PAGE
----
Mega Maze Review - Screenshot 1 of 2

Do you remember that mesmerising screen saver from the '90s? The one that was an endless loop of twists and turns through a red brick maze? Well, Mega Maze is sort of like that, except everything is blue or white and it's just not all that entertaining.

Mega Maze is exactly what its name implies; a game about solving mazes. There's no character to control, or plot to speak of; you're just trying to find your way out of a maze in order to move on to the next one. There's a total of 60 mazes, and while some of them are clever we just didn't find them particularly engaging to play.

By default, the walls of each maze are semi-transparent, allowing you to see what's on the other side of them. This will be your best bet at finding the multicoloured goal of each maze quickly, but sometimes the goals are far off enough that you'll have no idea where they are anyway. For an added challenge you can enable opaque walls in the options menu.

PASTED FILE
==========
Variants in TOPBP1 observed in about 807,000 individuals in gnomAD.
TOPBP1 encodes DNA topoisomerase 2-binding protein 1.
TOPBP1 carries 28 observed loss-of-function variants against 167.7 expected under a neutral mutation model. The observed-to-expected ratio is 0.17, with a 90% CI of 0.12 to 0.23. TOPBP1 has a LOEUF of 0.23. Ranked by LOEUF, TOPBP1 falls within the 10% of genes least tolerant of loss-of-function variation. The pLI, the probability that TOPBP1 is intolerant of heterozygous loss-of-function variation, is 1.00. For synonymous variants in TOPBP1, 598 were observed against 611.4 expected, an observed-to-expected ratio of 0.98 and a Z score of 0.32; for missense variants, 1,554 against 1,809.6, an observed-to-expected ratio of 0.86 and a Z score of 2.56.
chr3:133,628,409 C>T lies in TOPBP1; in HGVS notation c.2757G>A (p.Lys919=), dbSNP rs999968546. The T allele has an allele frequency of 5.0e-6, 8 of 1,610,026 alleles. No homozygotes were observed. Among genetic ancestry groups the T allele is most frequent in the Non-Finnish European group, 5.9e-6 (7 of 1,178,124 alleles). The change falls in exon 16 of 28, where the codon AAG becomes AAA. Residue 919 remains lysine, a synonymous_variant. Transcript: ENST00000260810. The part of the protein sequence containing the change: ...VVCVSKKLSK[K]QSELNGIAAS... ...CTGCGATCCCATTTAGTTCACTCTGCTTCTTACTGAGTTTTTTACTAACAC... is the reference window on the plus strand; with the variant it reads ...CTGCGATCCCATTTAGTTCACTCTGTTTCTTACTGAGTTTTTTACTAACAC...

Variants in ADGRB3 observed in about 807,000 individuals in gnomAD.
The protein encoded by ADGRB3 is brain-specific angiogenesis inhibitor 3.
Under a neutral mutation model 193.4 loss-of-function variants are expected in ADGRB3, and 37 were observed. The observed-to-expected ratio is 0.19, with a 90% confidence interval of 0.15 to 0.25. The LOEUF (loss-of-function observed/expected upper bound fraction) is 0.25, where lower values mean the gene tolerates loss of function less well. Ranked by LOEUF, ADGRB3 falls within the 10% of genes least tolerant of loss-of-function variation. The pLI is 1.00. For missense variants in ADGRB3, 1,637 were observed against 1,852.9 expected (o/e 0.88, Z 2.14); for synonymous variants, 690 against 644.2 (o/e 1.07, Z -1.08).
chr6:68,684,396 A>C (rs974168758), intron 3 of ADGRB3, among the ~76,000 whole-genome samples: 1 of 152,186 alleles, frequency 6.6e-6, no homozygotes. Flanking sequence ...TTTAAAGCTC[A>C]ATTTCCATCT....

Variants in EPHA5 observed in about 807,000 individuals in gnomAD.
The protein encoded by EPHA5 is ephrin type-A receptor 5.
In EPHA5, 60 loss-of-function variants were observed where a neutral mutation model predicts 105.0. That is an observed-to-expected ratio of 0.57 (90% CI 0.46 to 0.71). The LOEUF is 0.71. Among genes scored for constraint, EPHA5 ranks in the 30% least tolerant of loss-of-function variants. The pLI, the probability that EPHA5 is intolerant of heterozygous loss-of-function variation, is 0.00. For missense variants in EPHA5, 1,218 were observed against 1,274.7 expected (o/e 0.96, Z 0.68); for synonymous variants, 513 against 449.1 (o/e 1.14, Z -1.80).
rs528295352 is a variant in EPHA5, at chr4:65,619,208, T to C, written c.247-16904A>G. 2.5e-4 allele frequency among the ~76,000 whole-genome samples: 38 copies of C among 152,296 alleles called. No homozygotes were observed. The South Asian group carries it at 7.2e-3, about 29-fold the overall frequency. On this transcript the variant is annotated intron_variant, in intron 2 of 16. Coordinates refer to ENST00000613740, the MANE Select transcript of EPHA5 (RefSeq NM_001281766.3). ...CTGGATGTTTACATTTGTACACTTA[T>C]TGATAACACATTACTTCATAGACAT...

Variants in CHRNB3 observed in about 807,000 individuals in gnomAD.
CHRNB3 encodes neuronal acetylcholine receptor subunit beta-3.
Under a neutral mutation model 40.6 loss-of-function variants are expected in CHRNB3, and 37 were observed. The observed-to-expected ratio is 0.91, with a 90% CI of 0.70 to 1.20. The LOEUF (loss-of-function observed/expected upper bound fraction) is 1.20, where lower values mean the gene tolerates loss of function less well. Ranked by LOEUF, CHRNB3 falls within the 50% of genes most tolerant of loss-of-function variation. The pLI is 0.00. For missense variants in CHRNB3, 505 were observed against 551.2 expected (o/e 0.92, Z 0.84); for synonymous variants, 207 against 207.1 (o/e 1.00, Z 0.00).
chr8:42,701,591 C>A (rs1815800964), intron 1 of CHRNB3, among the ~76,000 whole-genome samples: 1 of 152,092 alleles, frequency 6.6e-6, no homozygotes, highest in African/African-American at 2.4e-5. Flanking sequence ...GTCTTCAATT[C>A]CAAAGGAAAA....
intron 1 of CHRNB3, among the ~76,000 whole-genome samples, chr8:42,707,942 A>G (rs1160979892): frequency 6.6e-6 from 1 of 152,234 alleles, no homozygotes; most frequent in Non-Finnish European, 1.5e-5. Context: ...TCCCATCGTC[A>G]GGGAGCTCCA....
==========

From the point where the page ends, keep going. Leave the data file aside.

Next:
Mega Maze Review - Screenshot 2 of 2

The mazes start out fairly easy and gradually become more difficult through the introduction of features like trap doors and keys, which can be used to open see-through doors that correspond to each key's colour. The GamePad isn't used for much, save for tracking how many of each type of key you may have, as well as displaying a meter showing roughly how many markers you can still lay down. Markers serve to create a path of breadcrumbs to prevent you from unwittingly backtracking.

Mega Maze has some handy online features, to its credit, like leaderboards and level sharing. Other players can publish levels they've created using the game's bespoke level editor; the problem with it, however, is that it's extremely clunky. Starting the level editor takes a while, though the smaller the maze you attempt to create the less time it will take to load. The tools for creating mazes work similarly to those found in Super Mario Maker, in that levels you create must first be completed by you and levels can be made entirely using the GamePad's touch screen. The feature, however, may struggle to take off. At the time of writing only a small number of user-created stages are available.


While the famous Windows screensaver had a certain mesmerizing quality to it, Maze Maker does not. The environments are bland, the mazes themselves feel repetitive and the online features, while well thought out, don't seem like they'll ever generate the kind of community they need to make them worthwhile.

It's a game of good intentions and deserves credit for implementing level creation and online features, but it gets lost when seeking entertainment value.